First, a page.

Project FeederWatch, Cornell University’s citizen science program sponsored by the Lab of Ornithology, has begun a new season, and new volunteers are always welcome.
Easy to join
FeederWatch project director Dr. Emma Grieg, who has just completed her first year on the job, says anyone can participate.
“Our materials teach what participants need to know. Even counts of common birds such as cardinals and chickadees are useful. And volunteers don’t even need to identify every species they see,” she said.
And if volunteers have questions or problems, they are encouraged to contact FeederWatch staff by email or phone.
“We love communicating with volunteers to make their experience more rewarding,” Grieg says.
What’s in your backyard
Assuming you have suitable habitat with some woody cover, you can expect 12 to 20 species over the course of the winter.
Based on data submitted from FeederWatchers nationwide last year, the most frequently seen species was the dark-eyed junco. Other common species recorded in other states were chickadees, blue jays, mourning doves, cardinals, titmice, goldfinches, and downy woodpeckers.
“With more than 20 years of data from all across the country,” Grieg says, “we have more data than any one ornithologist could ever collect. And now we are able to publish our findings in peer-reviewed scientific journals. For example, we are getting insights into the effects of climate change on bird distribution.”
One of the benefits of FeederWatch is that the army of skilled birders grows every year. Collecting the data is fun, and can be done with children and grandchildren, so I doubt the program will ever want for volunteers.
One topic that FeederWatch emphasizes is the occurrence and spread of the eye disease (a type of conjunctivitis) that infects house finches.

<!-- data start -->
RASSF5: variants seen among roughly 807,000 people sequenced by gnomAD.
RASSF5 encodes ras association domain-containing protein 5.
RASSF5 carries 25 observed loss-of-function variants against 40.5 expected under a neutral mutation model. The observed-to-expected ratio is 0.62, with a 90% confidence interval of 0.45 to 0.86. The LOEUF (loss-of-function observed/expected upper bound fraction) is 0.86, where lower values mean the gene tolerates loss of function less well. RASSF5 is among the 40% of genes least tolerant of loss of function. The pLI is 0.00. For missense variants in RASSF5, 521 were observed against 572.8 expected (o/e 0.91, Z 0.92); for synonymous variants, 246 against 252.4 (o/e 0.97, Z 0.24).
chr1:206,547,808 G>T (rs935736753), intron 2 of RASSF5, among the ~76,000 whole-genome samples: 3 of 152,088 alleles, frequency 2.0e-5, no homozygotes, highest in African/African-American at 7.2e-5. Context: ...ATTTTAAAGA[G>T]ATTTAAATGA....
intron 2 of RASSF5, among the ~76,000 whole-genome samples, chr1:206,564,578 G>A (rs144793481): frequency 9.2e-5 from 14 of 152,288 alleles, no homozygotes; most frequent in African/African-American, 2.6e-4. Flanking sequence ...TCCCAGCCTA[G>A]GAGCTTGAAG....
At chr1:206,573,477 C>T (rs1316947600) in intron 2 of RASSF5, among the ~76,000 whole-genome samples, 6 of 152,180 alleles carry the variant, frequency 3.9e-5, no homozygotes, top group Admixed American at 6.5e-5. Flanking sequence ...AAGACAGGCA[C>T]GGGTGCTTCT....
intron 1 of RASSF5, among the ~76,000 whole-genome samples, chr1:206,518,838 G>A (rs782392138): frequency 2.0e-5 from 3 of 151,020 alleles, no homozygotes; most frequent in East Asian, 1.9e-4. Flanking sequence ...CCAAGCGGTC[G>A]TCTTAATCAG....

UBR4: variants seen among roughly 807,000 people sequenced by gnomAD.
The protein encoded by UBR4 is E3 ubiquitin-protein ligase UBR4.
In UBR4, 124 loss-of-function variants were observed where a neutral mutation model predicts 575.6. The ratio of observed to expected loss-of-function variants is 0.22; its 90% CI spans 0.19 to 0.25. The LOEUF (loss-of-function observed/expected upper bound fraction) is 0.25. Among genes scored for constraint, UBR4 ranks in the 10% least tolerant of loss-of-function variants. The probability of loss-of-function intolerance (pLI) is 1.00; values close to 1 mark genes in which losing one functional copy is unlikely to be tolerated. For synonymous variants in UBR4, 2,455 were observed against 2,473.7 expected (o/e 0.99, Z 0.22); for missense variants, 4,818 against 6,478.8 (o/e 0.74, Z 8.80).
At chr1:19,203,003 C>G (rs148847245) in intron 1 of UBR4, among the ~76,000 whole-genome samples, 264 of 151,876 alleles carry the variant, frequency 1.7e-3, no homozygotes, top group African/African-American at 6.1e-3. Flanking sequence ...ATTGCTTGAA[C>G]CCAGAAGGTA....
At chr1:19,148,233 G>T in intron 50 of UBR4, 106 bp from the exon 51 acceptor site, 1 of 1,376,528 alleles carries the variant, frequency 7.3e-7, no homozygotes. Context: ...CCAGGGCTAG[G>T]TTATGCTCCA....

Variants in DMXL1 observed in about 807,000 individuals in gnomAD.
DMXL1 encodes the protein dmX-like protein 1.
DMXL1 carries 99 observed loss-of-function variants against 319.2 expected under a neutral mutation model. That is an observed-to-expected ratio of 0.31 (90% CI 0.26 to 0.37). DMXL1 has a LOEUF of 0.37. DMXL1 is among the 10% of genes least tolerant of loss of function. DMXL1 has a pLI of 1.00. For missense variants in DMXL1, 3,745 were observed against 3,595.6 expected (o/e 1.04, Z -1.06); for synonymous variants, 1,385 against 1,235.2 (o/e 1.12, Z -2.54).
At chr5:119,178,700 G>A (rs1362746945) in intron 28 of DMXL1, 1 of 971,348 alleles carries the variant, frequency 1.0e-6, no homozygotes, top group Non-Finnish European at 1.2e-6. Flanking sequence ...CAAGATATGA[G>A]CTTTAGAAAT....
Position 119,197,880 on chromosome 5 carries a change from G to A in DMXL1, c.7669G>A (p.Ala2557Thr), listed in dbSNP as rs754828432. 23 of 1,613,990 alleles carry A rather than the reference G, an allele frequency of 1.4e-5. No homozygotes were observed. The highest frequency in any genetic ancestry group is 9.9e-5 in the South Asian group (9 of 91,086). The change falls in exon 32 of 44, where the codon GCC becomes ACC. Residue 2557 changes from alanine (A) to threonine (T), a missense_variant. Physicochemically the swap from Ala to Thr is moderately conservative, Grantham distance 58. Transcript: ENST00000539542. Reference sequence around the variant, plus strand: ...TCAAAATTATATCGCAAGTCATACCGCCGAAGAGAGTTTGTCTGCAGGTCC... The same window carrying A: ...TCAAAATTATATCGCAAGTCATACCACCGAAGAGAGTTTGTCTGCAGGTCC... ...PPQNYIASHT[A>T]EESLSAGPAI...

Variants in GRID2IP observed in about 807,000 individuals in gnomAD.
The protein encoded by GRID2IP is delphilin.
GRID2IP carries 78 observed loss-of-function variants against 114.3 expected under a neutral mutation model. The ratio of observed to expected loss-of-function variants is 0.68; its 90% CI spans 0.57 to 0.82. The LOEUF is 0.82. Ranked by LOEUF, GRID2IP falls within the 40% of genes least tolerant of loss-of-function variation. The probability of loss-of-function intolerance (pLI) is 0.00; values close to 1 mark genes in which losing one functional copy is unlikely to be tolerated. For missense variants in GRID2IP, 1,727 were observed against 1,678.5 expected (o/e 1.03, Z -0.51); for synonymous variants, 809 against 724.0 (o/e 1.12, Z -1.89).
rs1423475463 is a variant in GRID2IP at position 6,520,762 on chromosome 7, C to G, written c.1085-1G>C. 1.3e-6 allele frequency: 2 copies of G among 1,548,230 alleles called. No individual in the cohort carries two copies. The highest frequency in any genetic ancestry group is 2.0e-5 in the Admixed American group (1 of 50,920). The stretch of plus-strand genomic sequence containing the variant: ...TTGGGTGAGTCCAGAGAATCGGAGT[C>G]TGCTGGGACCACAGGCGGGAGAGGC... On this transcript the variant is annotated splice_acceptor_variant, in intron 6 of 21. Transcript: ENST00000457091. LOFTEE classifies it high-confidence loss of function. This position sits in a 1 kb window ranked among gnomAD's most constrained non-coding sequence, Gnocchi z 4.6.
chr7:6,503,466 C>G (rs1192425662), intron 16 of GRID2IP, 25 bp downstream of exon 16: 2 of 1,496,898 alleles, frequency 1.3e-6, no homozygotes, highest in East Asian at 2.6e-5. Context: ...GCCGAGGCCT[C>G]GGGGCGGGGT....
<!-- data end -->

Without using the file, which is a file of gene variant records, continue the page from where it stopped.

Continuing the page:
House finch eye disease was first noticed in 1994 when people observed birds at feeders with swollen, runny eyes. It was determined to be the result of a strain of bacteria usually found in poultry.
Andre Dhondt, director of Bird Population Studies at the Cornell Lab of Ornithology, led a team that trapped and tested nearly 2,000 individual birds of 53 species from 2007 to 2010. Tests revealed that 27 species of birds were infected by this bacterium.
“The results were shocking,” Dhondt says. “This bacteria, Mycoplasma gallisepticum, is much more widespread than anyone thought, although in most species there are no signs of conjunctivitis.”
In addition to house finches, species testing positive for exposure to the bacteria included black-capped chickadees, tufted titmice, and American goldfinches. But exposure was also detected in forest species such as the wood thrush.
“That was another surprise,” Dhondt says. “How on earth do wood thrushes get infected with mycoplasma? They are not a feeder bird at all. We have always assumed that feeders play a major role in the transmission of the disease, and this study shows that’s not necessarily so.”
Fortunately, though many species can be infected with this bacterium, only house finches regularly show swollen eyes as symptoms, and FeederWatchers are still collecting data on this species.
If you see infected birds at your feeders, here’s what the Lab of Ornithology suggests: Leave sick birds alone, take down the feeders and clean them thoroughly, and be sure to wash your hands afterward. And just make it a rule to keep your feeders clean.
Launched in 1987, Project FeederWatch compiles information gathered by volunteers from all across North America.
Last year 128,586 checklists were submitted from 9,940 unique locations by more than 20,000 volunteers. To become a FeederWatch volunteer, visit www.feederwatch.org, call 800-843 2473 during normal business hours, or send a check to Project FeederWatch, P.O. Box 11, Ithaca, NY 14851-0011.
The $18 fee ($15 for Lab of Ornithology members) covers all materials, data analysis, and publication of each year’s results.
If FeederWatch sounds interesting, but for some reason you cannot set up bird feeders, watch the “FeederWatch Cam” to see a live video feed from a feeding station in northern Ontario. It features a variety of northern species, including gray jays, grosbeaks, and finches that are unlikely to be seen in the lower 48.
STAY INFORMED. SIGN UP!
Up-to-date agriculture news in your inbox!